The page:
“When I came on board with the project, the design aspect was quite well advanced, however I participated towards the end in making sure we created a concept that was casual, friendly, warm and high energy, keeping in mind we were building a neighborhood bistro.” – Eric Ripert on the design of Westend Bistro, exclusively for We Love DC
Westend Bistro by Eric Ripert, opened in 2007 at the Ritz-Carlton, Washington D.C., is not your typical, often lackluster hotel restaurant. Apart from the exceptional service – synonymous with the Ritz-Carlton brand, one would never guess that they were dining amongst hotel guests and visitors. Westend Bistro feels like that friendly, neighborhood spot. The place you know you can always count on – with phenomenal food and a warm, welcoming atmosphere.
Design is everywhere. Your toothbrush is designed, your office is designed, and even the carts at the grocery store are designed (next time check out the difference between the elongated single carts and the compact double carts – the latter makes maneuvering through a crowded aisle much, much easier). Design is truly meant to improve the physical and emotional relationship that we have with a space or a product.
Having spent a couple of years studying design, my sense of awareness in regards to its implications has been heightened. No matter what I do, I take notice – the good, the bad, and the extremely ugly. And one type of environment that has always left me wondering is the hair salon. Why the heck do they all look and feel like clones? High-end salons are almost always ornamented with chandeliers; trendy salons love to play glaring music – the louder the better; and I don’t think a “budget cut” salon exists without some dated, checkered vinyl flooring. Can’t someone please answer my salon design woes and create something truly unique?
And in fact someone has finally answered my prayers! His name is Kelly Gorsuch and he is the owner of Immortal Beloved.
From the moment you find yourself standing in front of two enormous, yet intricately detailed, iron-clad gates, reading the brand’s etched signage, you just know that you are about to embark on a rather exceptional experience.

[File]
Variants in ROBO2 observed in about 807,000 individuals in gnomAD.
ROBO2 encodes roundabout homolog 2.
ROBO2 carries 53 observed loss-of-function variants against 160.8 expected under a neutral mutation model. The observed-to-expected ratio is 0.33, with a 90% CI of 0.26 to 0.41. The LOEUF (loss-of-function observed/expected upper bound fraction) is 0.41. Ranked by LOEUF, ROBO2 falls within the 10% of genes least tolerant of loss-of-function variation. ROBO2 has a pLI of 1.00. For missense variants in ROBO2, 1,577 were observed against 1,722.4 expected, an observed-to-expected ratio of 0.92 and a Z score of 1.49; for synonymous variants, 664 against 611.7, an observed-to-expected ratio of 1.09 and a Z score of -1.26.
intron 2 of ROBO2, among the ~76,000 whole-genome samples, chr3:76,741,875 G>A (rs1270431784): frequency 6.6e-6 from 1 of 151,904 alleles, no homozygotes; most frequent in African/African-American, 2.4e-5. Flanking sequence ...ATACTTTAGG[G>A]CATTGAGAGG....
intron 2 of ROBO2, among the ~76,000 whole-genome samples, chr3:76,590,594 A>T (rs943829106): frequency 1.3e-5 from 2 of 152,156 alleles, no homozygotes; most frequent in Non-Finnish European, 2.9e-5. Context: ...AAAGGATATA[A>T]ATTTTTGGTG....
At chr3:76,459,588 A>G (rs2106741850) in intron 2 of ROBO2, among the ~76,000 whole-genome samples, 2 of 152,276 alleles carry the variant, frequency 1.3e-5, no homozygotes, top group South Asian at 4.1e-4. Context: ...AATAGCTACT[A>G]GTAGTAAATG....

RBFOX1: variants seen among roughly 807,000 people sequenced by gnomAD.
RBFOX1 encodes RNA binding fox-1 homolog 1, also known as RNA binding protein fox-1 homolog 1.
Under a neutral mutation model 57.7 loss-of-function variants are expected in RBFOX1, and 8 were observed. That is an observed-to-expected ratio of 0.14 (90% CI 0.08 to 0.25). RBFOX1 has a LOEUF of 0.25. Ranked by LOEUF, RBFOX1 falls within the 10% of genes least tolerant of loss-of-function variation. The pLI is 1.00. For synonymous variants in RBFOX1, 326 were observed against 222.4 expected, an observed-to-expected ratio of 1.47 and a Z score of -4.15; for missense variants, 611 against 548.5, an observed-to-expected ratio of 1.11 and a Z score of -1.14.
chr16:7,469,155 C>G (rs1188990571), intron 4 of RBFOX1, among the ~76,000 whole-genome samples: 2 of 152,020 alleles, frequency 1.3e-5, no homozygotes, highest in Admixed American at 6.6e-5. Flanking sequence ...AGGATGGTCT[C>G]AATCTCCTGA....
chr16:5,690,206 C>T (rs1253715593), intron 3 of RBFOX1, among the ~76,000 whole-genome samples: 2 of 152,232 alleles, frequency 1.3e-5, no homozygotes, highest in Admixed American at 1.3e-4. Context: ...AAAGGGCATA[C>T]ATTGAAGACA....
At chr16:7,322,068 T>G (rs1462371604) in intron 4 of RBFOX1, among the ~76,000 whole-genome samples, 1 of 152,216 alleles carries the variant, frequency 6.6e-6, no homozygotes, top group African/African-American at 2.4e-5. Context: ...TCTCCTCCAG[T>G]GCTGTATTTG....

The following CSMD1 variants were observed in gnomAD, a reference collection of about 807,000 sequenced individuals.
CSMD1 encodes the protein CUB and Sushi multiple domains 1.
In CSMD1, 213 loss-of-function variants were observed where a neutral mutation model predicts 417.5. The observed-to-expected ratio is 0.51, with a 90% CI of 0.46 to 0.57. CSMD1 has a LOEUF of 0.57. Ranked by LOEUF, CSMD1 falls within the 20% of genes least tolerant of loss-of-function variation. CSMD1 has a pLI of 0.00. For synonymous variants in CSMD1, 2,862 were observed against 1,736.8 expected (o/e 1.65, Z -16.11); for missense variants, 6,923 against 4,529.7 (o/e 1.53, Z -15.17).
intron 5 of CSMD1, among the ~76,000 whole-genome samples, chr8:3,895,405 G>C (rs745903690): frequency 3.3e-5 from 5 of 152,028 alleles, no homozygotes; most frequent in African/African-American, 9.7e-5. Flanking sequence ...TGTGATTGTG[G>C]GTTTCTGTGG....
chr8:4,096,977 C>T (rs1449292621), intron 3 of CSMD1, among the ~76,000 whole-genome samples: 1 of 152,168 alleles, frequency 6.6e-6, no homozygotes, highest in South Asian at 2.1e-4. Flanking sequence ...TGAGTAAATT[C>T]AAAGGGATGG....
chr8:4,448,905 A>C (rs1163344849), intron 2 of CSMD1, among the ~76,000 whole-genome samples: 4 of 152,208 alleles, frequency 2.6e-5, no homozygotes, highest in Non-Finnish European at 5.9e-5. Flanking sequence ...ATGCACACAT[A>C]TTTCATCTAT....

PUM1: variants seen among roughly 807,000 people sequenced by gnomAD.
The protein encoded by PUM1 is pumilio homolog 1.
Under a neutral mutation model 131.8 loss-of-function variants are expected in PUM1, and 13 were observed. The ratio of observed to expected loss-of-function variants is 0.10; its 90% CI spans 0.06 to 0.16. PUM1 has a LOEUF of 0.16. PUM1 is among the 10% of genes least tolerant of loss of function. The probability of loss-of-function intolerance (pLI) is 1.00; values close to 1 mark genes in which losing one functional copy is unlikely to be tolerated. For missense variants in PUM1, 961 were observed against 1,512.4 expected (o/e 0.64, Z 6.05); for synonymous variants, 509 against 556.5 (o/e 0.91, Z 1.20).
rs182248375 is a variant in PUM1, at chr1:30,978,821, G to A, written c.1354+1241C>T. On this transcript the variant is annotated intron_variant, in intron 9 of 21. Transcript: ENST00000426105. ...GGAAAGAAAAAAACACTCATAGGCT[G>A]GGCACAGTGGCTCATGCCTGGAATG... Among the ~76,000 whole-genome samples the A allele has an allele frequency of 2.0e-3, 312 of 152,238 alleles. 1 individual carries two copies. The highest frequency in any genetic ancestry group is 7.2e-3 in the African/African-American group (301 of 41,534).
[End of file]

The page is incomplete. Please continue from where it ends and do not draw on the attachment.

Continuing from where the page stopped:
The play on monumental proportions continues once you step inside the door. Don’t be fooled by the cozy entryway, with its stunning mosaic stone rugs, because as soon as you turn the corner to enter the bar and dining area, the ceilings rise and the floor plate drastically expands. Quite atypical for the DC-scene, Buddha Bar consists of 9,500-square-feet of space and has 22-foot high ceilings.
The National Press Club, rich in historical context and paramount in its mission, is best-known as a retreat for the affiliates within the journalism industry. As a Washington, D.C. fixture, the feeling evoked upon entrance into the Club could best be compared to the dilemma that a young child may face as they enter the formal living room of the home – you are in complete awe of its presence and utterly afraid of breaking something, yet, somehow still manage to want to touch everything in sight.
The good thing is that what differs between this presented scenario and that of my first visit to the National Press Club, is that at the Club exploration is not only encouraged – it is celebrated.
A bit over a year ago, as I was sitting in my Institutional Design Studio, I was flipping through my favorite magazine – Metropolis – when I came across a feature story on Georgetown’s Sweetgreen. I was in awe of the historic retrofit, the building used to house the Little Tavern hamburger ‘hut’, in conjunction with its eco-friendly and streamlined interior – I knew that as soon as class was over I would be off towards M Street in order to explore further. Could it be true? Does a piece of design paradise exist with-in a 460-square foot envelope just down the street from me?
Fast-forward a year later, to yesterday actually, where my investigation of Sweetgreen continued with Nic Jammet, one of the restaurants three owners (the others are Jonathan Neman and Nathaniel Ru), at their newest location in Logan Circle.